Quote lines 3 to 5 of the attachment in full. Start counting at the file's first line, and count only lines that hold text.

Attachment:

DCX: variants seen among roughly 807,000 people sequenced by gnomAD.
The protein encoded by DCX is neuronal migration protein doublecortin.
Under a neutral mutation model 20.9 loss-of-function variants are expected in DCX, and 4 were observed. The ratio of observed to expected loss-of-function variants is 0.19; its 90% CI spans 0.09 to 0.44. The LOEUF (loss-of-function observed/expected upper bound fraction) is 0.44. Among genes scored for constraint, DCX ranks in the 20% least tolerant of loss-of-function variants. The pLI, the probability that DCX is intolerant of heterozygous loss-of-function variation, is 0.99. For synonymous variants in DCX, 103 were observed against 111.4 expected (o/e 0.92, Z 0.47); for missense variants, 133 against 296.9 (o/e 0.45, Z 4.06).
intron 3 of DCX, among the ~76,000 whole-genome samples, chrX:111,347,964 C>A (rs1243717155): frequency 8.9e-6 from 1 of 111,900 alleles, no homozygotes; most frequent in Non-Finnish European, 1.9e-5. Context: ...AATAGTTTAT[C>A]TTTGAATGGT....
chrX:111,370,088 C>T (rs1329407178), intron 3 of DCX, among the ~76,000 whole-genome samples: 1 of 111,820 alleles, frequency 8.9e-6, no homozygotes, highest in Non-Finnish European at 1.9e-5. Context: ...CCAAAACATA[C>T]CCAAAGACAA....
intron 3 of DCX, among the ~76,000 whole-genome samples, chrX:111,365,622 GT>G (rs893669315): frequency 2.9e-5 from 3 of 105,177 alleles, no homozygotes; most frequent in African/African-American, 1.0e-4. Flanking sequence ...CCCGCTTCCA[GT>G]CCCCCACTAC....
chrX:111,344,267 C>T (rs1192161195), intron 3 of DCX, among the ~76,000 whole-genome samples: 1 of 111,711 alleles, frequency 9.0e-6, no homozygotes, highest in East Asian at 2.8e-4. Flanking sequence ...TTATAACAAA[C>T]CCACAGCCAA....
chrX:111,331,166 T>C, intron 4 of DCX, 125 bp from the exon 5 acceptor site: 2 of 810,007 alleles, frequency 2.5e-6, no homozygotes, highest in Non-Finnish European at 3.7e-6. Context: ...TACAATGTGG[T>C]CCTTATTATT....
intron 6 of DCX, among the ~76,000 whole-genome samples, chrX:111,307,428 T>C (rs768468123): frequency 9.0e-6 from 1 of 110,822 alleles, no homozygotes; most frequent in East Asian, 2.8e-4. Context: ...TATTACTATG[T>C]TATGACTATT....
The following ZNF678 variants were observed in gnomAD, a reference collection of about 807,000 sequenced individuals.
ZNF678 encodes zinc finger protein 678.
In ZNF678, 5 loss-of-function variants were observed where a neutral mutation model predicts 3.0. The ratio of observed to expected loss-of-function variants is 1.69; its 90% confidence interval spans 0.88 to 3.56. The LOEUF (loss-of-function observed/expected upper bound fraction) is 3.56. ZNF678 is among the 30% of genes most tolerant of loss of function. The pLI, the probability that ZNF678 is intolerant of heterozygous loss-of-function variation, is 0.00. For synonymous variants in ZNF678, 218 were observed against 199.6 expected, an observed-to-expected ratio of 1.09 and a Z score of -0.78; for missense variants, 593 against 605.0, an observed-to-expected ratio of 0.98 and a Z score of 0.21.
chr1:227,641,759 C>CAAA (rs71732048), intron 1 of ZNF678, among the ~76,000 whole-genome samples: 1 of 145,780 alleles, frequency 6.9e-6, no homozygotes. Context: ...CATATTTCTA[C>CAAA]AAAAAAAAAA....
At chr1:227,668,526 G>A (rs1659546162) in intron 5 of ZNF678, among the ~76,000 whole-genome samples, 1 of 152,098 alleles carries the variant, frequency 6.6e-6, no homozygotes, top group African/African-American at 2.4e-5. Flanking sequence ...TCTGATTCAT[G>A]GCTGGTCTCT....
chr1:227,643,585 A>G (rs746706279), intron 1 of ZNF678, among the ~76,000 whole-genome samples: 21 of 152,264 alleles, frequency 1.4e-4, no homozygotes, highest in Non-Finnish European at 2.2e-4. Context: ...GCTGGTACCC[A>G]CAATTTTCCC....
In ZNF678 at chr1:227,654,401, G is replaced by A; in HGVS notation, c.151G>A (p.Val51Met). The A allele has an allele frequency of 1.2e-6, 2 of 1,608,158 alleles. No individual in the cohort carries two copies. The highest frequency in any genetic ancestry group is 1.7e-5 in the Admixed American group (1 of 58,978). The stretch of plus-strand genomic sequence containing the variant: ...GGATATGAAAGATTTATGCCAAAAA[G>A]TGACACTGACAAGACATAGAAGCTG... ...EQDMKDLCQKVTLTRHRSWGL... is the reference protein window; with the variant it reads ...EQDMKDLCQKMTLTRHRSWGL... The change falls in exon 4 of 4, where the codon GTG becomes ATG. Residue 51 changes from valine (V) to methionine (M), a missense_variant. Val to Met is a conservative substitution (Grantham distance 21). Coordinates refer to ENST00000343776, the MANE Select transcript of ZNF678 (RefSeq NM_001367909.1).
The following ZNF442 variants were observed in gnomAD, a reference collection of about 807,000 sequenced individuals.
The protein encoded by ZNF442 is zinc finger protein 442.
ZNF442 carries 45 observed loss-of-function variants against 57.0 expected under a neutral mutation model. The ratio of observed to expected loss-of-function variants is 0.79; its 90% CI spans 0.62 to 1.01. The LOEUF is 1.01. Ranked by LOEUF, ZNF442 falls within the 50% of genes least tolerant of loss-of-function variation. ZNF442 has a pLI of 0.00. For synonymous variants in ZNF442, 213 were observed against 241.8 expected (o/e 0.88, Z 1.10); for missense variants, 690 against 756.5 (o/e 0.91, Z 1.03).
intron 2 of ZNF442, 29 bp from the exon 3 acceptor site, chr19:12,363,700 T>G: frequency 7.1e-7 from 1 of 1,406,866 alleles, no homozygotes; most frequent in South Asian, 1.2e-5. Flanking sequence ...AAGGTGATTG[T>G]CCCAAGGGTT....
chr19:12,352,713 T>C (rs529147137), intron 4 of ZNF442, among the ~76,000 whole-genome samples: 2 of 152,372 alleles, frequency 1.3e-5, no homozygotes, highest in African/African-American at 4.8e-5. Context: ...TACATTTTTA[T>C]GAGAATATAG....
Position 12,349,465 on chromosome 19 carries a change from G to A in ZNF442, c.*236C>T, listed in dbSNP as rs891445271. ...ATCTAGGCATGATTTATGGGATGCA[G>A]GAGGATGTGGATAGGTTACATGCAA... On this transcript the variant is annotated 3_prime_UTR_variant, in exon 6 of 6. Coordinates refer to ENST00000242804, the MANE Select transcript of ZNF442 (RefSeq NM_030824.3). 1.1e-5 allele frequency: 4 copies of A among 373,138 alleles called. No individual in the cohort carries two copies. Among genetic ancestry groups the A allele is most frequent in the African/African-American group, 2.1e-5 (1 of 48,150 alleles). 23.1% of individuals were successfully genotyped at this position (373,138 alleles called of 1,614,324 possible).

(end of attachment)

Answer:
Under a neutral mutation model 20.9 loss-of-function variants are expected in DCX, and 4 were observed. The ratio of observed to expected loss-of-function variants is 0.19; its 90% CI spans 0.09 to 0.44. The LOEUF (loss-of-function observed/expected upper bound fraction) is 0.44. Among genes scored for constraint, DCX ranks in the 20% least tolerant of loss-of-function variants. The pLI, the probability that DCX is intolerant of heterozygous loss-of-function variation, is 0.99. For synonymous variants in DCX, 103 were observed against 111.4 expected (o/e 0.92, Z 0.47); for missense variants, 133 against 296.9 (o/e 0.45, Z 4.06).
intron 3 of DCX, among the ~76,000 whole-genome samples, chrX:111,347,964 C>A (rs1243717155): frequency 8.9e-6 from 1 of 111,900 alleles, no homozygotes; most frequent in Non-Finnish European, 1.9e-5. Context: ...AATAGTTTAT[C>A]TTTGAATGGT....
chrX:111,370,088 C>T (rs1329407178), intron 3 of DCX, among the ~76,000 whole-genome samples: 1 of 111,820 alleles, frequency 8.9e-6, no homozygotes, highest in Non-Finnish European at 1.9e-5. Context: ...CCAAAACATA[C>T]CCAAAGACAA....